Barbara Uehling Charlton, UC Santa Barbara’s fourth and only female chancellor in its history, passed away at the age of 87 on Jan. 2 due to complications from Alzheimer’s disease, her obituary read.
Prior to serving as the chancellor from 1987 to 1994, Uehling was chancellor of the University of Missouri, Columbia and worked at various universities around the country, including Roger Williams College, Illinois State University and the University of Oklahoma, according to a campus memo sent out by Chancellor Henry T. Yang on Jan. 7.
“As UC Santa Barbara’s fourth Chancellor, she provided steady and able leadership at a time of both economic challenges and rapid growth,” Yang said in the memo. “She emphasized diversity and academic excellence, and is credited with the development of the campus’s first 15-year Long Range Development Plan.”
The campus flag was lowered to half-staff on Jan. 8 to honor her memory, Yang said.
Uehling was the first female chancellor in the entire UC system. Steven Elzer ‘88, who was the news editor of the Daily Nexus when Uehling was inaugurated, recounted the excitement that came along with her inauguration, but also the turmoil that encompassed the campus at that time.
“We were very excited about [the first female chancellor]. She was an extraordinary leader,” Elzer said. “There was a lot of politics on the campus at that time. There were a lot of different factions that were divisive. It was a very raucous time in the history of the campus for sure. And she did everything she could to try to unify the deep divides that were rumbling over campus.”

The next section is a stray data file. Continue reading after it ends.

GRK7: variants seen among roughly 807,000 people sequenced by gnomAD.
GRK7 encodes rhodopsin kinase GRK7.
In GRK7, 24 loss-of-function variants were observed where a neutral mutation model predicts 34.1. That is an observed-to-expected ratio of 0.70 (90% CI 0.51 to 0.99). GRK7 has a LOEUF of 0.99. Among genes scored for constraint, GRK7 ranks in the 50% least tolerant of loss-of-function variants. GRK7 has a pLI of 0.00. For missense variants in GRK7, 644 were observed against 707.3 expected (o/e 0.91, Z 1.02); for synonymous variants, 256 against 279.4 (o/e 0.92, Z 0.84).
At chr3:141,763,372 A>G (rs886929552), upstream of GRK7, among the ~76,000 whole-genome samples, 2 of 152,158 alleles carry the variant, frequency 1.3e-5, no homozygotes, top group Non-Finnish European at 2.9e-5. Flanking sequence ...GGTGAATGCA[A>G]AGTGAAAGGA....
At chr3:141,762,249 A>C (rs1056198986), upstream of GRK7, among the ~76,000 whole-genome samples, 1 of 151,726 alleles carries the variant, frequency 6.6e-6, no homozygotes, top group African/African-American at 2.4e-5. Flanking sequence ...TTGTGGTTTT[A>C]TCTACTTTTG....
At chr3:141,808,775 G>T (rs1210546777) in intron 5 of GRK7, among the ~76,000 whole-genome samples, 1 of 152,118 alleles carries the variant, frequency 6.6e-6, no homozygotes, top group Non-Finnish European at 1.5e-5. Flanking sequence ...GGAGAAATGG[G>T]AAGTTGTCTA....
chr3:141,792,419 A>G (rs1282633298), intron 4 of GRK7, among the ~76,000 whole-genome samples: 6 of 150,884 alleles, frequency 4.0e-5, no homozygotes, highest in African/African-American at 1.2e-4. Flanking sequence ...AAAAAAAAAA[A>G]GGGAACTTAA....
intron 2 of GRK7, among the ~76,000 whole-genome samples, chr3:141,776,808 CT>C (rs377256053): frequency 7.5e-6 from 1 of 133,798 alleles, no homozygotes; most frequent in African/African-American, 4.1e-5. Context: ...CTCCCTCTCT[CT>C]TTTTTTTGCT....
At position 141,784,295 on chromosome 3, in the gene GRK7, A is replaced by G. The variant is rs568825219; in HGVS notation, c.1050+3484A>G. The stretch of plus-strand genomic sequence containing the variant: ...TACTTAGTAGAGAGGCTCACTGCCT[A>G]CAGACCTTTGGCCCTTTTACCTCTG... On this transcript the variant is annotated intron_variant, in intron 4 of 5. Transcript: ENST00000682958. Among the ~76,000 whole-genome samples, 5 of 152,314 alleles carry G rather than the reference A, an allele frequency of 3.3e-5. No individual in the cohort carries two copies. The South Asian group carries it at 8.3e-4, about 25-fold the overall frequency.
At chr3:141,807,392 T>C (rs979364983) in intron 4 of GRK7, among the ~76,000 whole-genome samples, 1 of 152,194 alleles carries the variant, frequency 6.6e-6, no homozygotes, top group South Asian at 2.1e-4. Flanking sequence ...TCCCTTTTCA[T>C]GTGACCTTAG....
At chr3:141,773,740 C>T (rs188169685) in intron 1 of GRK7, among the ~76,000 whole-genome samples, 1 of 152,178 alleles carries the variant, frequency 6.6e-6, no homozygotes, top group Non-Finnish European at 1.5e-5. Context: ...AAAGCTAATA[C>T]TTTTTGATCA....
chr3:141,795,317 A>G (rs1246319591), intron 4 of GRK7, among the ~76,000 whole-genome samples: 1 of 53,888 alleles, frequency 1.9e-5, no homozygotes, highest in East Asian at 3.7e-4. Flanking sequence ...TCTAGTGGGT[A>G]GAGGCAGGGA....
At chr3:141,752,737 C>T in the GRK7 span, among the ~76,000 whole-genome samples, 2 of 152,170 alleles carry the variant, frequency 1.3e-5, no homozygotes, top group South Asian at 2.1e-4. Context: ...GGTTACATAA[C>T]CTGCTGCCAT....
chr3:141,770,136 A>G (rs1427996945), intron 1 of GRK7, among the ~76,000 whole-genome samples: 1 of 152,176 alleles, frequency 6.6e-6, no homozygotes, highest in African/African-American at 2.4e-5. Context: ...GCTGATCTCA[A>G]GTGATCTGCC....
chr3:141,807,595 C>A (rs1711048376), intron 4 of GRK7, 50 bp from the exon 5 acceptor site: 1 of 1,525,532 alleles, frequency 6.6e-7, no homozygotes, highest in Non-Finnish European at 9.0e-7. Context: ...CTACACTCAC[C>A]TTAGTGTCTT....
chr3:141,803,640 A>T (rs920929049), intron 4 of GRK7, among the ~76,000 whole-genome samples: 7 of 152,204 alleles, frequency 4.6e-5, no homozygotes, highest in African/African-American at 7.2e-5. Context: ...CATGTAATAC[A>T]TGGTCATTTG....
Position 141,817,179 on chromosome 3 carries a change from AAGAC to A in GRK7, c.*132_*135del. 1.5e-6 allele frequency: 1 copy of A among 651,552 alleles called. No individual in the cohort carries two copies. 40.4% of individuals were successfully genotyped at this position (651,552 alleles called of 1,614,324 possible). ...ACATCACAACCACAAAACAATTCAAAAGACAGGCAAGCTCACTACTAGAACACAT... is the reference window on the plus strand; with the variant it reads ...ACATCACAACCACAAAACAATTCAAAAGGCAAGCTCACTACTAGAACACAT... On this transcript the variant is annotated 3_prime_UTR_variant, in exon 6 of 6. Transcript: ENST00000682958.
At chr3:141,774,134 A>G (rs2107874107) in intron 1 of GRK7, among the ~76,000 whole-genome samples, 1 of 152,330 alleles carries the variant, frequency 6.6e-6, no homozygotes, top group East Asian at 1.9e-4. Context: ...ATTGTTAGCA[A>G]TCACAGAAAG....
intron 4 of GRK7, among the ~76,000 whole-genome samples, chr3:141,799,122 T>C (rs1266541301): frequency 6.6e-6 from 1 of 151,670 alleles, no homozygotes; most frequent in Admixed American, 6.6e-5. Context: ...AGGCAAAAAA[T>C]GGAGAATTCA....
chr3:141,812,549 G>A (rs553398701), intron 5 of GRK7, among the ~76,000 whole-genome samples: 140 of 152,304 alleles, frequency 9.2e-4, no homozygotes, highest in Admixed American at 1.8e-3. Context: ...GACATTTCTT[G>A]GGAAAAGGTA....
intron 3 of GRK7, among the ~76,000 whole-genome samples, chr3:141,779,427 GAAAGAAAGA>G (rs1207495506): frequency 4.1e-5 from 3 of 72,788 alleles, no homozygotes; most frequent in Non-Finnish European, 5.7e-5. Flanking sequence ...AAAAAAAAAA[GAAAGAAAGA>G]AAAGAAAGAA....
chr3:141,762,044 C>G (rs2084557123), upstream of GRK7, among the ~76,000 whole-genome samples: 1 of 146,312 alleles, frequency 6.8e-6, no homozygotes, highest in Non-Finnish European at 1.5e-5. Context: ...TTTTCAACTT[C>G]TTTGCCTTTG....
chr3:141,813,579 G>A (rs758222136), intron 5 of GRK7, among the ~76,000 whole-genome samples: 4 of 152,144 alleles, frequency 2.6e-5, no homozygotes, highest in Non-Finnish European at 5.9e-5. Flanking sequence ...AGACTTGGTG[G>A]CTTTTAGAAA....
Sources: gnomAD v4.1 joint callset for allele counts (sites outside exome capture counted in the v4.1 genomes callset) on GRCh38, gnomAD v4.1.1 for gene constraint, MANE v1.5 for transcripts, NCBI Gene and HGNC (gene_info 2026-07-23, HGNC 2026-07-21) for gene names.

According to a previous Nexus article from 1986, Uehling’s predecessor — Chancellor Robert Huttenback — resigned following misuse of state funds to improve his home, including a hefty $104,000 renovation to his kitchen.
According to Laurence Iannaccone, the chair of the Academic Senate in 1994, she was instrumental in the construction of many buildings on campus.
“She came to a campus that was building poor and program rich. A significant building program has been one of her major contributions to UCSB,” Iannaccone wrote when Uehling announced her retirement, according to the memo sent out by Yang.
“While we are still short of adequate space, Chancellor Uehling will leave behind a solid plan for our long-term physical development — a plan that will carry the campus into the 21st Century. Another noteworthy mark of the Uehling era here at UCSB is the expansion of the School of Engineering.”
Uehling also managed to restore trust in the Office of the Chancellor, following a tumultuous time of corruption during Huttenback’s term, Elzer said.
“She put a lot of herself and a lot of effort into rebuilding the campus’ image and the stolen integrity in the Office of the Chancellor in a time that needed that,” Elzer added.
“She had the best interest of the campus at heart and understood her unique role at the time in the history of the campus and then doing everything she could to do it right.”
Correction [Jan. 10, 2:13 p.m.]: A previous version of this article incorrectly attributed a quote to Chancellor Henry T. Yang, instead of Laurence Iannaccone. This article has been updated to reflect the correct information.
A version of this article appeared on pg. 5 of the January 9 edition of the Daily Nexus.